Chasing the Drag-on

This year has been a bit of a drag for me in many ways, as I've subtly suggested numerous times in earlier posts on this blog. Plagued by climbing injuries and general health quandaries, my confidence in my well-worn ability to just 'get through it' has wavered somewhat. Surprised by my own disbelief at the fact that things actually change over time, I've been forced to reinvent my approach in some ways and, yes, even change my expectations! Zounds! It has been hard to accept this new baseline, as it were, but it's probably something most of us have dealt with recently and that all of us must deal with at some point.

Suffice it to say, then, that being able to climb is a welcome distraction from the miasma of life goal assessment, health care debacle and general despair. Now of course, I never feel as fit as those halcyon days of yore (in my mid twenties) and perhaps this attitude has become somewhat of a self-fulfilling prophecy. However, I have felt a little more honed lately and decided it was time to turn up the dial a little at the crag. Despite a few aches and pains, my sprained finger is nominally functional and I finally deemed it ready for a route on the Upper Town Wall of Index, which which a few exceptions tends to be far more crimpy and finger-intensive than the more physical cracks of the Lower Town Wall. Jeanna and I went up to recon the free Green Drag-on and maybe even go for a clean free ascent. My goal, of course, was to try to onsight it and it seemed reasonable enough. We had both been saving the route for a day when both of us were ready to crush it under our heels. Well, yesterday was sort of that day and sort of...not:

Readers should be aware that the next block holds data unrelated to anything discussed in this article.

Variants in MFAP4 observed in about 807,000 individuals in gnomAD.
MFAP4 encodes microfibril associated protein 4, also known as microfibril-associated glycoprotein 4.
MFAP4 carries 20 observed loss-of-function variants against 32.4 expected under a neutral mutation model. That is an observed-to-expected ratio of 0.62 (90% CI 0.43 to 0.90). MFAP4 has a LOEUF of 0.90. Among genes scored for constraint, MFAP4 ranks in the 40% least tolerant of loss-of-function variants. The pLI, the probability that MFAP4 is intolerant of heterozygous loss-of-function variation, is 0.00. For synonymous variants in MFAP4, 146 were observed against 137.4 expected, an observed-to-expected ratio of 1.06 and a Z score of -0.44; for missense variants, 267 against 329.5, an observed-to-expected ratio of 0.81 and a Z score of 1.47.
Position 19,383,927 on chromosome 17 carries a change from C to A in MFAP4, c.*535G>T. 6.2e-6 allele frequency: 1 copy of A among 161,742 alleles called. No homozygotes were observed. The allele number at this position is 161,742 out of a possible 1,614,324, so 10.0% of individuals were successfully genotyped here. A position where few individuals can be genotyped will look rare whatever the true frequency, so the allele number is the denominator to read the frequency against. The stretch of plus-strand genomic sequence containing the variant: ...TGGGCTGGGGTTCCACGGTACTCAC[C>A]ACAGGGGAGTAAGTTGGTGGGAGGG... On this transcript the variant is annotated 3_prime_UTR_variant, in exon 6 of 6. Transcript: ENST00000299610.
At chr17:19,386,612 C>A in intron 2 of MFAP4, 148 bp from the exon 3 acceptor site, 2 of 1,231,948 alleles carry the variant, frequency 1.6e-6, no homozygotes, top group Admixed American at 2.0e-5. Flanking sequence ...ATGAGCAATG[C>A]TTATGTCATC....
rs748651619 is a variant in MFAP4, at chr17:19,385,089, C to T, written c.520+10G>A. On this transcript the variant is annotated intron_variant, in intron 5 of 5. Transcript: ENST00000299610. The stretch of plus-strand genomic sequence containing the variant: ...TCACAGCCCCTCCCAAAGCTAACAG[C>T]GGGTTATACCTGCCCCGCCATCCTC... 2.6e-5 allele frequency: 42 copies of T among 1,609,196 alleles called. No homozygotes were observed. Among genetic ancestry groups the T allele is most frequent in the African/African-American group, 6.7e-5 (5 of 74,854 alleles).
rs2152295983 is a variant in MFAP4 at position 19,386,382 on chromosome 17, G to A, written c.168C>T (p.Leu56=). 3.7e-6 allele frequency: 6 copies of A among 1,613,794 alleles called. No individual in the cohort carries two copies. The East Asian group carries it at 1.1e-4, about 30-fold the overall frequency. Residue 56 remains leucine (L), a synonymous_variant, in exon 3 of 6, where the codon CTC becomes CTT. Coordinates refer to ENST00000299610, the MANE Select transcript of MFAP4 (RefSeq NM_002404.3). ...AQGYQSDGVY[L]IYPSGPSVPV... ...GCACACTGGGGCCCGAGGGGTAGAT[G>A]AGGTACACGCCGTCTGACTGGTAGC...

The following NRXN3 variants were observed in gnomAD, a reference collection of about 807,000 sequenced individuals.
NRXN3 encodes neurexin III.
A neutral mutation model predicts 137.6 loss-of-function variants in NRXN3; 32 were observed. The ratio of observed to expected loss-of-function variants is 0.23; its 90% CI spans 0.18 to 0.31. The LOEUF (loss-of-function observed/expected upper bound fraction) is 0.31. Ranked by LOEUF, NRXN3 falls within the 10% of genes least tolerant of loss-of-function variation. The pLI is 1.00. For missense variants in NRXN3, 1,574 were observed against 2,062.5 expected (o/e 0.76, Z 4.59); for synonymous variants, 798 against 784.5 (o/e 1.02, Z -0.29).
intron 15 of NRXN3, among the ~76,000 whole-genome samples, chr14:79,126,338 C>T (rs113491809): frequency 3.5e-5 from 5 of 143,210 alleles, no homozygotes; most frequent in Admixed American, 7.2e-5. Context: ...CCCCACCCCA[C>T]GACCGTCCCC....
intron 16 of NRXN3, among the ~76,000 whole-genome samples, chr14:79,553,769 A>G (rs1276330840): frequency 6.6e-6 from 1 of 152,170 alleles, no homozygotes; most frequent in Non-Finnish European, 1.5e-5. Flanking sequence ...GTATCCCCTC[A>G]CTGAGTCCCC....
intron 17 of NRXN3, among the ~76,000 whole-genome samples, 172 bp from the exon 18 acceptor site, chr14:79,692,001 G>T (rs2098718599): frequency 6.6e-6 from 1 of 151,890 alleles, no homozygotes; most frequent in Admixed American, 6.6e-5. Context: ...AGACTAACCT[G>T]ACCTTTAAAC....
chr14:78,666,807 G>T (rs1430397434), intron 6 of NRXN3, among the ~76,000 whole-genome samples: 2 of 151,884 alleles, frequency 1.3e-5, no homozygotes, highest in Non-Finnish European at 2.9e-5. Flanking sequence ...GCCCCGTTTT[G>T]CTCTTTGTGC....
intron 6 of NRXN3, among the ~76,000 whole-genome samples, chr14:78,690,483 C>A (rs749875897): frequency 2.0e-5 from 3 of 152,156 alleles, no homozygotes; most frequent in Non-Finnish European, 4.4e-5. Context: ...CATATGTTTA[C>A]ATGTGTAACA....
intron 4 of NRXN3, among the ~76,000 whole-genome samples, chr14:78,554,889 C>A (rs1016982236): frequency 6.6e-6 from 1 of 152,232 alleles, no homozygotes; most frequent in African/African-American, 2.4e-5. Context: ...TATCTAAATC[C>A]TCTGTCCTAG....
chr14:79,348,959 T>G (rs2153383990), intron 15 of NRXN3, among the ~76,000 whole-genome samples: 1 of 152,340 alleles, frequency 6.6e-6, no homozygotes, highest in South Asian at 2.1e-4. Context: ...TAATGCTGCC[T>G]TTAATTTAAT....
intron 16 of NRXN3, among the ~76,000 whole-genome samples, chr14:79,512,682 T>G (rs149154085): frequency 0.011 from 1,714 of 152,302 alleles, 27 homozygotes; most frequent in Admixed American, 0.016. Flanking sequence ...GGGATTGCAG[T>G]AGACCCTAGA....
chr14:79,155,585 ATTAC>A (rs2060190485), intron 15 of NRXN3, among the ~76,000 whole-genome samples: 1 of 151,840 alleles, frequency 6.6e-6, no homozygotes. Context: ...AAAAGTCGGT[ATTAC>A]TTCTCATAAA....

The weather has always been a bit of a crucial element in harder face climbing at Index. Barring some superhuman level of climbing technique or perhaps a mystical new shoe rubber compound, a hot day can make anything over 5.11 into a downright miserable experience; foot agony, shredded fingertip skin and a solid shitkicking of one's ego are the usual results of attempting harder climbs in sunny summer weather. That's why, of course, we decided to climb something that has a 5.12d/.13a face crux right at the top: the pitch would probably be in full sun for the few hours it takes to get to it, thereby providing a more fulfilling challenge in its completion. Yesterday, clouds seemed to be numerous enough that perhaps we would get a chance at climbing in comfort; all the more reason to cast off onto the five pitch big-wall experience that is climbing on the Upper Town Wall!

The first pitch (.11a) is a finger crack that tapers out at the end into a devious little crux. No problems here, really: with some slight misreading of the moves, Jeanna tried pretty hard to fall off the crux when she was following but persevered nonetheless. Footwork checkpoint passed!